Billings Pediatricians

To learn more about each immunization, click on the links below for an easy to read handout. Additionally, you can preview the Vaccine Information Statements (VISs) that you'll receive at your immunization visit by downloading them here from the CDC website.

Please feel free to discuss any questions or concerns you may have about vaccines with your child's provider.

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DTaP: Diphtheria, Tetanus, and Pertussis Immunization

The DTaP and Tdap vaccines both protect against three bacterial infections: diphtheria, tetanus, and pertussis.

Hepatitis A Immunization

Hepatitis A is a virus that causes hepatitis (liver inflammation). Symptoms include fever, jaundice (yellowing of the skin), nausea, and vomiting. Young children are much less likely to develop symptoms when they are infected with the hepatitis A virus than adults.

Hepatitis B Immunization

The hepatitis B vaccine is given to prevent the severe liver disease that can develop when children or adults are infected with the hepatitis B virus.

Hib Immunization

Haemophilus influenzae type b (Hib) is a bacterium that can lead to meningitis, epiglottis, pneumonia, and other serious infections.

Human Papillomavirus (HPV) Immunization

Human papillomavirus (HPV) is a virus that can result in skin infections and various forms of cancer, including cervical and reproductive cancers.

Influenza Immunization

Commonly known as the flu, influenza is a virus that infects the trachea (windpipe) or bronchi (breathing tubes).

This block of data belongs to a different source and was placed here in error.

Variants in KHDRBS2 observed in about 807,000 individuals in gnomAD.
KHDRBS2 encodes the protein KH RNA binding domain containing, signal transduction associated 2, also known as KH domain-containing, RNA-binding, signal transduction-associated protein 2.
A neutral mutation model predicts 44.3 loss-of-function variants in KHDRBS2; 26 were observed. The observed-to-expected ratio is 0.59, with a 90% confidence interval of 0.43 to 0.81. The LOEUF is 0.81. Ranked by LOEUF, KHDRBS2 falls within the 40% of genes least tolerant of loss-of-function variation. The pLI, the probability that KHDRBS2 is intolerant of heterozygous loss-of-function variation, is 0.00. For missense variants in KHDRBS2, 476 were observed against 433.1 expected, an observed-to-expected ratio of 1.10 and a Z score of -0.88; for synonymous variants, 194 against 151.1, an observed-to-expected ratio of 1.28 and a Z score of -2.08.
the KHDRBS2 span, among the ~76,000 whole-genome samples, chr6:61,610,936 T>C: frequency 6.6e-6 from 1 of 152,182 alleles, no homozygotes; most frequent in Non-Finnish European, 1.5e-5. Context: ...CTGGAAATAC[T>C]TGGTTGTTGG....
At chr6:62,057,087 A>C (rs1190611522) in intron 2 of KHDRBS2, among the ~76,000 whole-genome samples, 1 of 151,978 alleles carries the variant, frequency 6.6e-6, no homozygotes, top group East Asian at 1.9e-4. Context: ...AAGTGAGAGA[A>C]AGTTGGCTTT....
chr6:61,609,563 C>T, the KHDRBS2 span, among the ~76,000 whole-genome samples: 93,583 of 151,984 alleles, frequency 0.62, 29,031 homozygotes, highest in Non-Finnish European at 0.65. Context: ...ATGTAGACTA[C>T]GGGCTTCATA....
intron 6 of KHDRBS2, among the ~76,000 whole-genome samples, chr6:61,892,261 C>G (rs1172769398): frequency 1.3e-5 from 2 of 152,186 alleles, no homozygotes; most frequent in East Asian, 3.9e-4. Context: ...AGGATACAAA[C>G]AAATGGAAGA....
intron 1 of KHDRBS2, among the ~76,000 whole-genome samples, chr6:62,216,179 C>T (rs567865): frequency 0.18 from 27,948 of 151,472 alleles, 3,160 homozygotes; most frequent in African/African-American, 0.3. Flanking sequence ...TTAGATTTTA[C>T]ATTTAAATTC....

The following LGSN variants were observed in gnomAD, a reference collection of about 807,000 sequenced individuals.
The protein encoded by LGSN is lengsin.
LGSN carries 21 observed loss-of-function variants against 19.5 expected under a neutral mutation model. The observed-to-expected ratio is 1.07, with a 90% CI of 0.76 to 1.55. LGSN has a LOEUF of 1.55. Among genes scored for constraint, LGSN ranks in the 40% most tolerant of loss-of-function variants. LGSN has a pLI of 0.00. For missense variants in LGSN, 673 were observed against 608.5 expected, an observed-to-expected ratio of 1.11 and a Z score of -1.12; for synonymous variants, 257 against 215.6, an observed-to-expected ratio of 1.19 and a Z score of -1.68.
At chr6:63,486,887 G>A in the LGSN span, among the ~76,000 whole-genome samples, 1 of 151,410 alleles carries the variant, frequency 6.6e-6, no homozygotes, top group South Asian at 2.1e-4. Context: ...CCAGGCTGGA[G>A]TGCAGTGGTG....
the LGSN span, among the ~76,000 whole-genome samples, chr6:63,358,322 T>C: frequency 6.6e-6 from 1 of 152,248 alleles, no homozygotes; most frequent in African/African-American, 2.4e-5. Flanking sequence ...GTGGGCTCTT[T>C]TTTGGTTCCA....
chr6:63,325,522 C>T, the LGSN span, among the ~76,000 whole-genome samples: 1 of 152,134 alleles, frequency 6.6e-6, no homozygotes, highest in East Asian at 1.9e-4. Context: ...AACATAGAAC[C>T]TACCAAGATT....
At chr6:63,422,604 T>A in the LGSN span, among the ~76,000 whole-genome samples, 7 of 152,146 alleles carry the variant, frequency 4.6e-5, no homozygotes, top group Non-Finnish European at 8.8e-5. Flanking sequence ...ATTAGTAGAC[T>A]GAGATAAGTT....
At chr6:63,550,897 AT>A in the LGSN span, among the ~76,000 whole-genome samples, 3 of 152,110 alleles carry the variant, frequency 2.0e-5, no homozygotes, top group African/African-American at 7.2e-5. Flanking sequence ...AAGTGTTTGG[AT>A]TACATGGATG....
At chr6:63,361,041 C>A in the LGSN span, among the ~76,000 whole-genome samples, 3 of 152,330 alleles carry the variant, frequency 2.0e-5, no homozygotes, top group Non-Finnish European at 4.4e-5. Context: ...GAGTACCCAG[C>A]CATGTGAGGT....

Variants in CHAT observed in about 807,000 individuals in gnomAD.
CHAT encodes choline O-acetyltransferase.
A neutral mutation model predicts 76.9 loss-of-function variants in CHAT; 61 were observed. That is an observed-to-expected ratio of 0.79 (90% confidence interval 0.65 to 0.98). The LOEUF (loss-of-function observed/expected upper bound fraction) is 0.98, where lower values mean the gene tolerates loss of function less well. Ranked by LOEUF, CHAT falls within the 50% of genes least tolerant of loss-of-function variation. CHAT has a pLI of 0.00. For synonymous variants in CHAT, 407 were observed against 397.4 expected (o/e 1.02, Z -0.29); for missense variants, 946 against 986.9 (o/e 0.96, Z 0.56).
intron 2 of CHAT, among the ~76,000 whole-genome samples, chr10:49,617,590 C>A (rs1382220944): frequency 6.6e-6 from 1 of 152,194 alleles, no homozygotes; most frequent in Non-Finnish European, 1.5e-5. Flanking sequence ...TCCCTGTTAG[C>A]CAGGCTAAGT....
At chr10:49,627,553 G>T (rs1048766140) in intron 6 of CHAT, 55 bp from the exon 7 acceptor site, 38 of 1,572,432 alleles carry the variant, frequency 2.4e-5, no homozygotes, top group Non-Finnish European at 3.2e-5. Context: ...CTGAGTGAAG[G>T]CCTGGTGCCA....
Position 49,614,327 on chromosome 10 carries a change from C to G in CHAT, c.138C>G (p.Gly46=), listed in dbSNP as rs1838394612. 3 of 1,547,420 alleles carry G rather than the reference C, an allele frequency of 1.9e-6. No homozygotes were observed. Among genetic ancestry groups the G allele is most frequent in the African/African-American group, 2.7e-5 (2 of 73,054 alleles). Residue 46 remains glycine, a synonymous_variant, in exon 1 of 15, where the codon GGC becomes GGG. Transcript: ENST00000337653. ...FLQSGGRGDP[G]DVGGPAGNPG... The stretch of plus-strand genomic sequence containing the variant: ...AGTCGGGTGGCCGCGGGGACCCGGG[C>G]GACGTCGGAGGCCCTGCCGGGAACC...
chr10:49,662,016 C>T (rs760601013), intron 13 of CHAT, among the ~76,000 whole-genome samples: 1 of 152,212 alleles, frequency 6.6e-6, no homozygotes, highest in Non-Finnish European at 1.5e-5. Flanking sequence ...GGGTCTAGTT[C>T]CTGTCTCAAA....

Varicella (Chickenpox) Immunization

Chickenpox is an infection caused by the varicella virus, and it is highly contagious. The rash of chickenpox begins as red bumps that turn into blisters that cover the entire body. There are usually as many as 300-500 blisters during a single infection.

Meningococcus Immunizations (Types ACWY and Type B)

Meningococcus is a bacterium. Meningococcal bacteria live on the lining of the nose and throat and are spread from one person to another by close personal contact. Occasionally, the bacterium enters the bloodstream and causes severe disease.

Measles, Mumps, and Rubella (MMR) Immunization

The MMR vaccine contains vaccines that protect against three viral infections: Measles, Mumps, and Rubella.

Pneumococcus Immunization

Pneumococcus is a bacterium that causes several different types of serious infections in children. But by far, the most common is pneumonia.

Polio Immunization

Polio is caused by a virus and is highly contagious. It affects people differently. The virus does damage by reproducing itself (or replicating) in the intestines, then traveling through the bloodstream, where it can infect the brain and spinal cord. Paralysis caused by polio occurs when the virus replicates in and attacks the nervous system.

Rotavirus Immunization

Rotavirus is a virus that infects the lining of the intestines. Although not typically known by its name, most parents recognize rotavirus by its symptoms — high fever, persistent and severe vomiting, and diarrhea.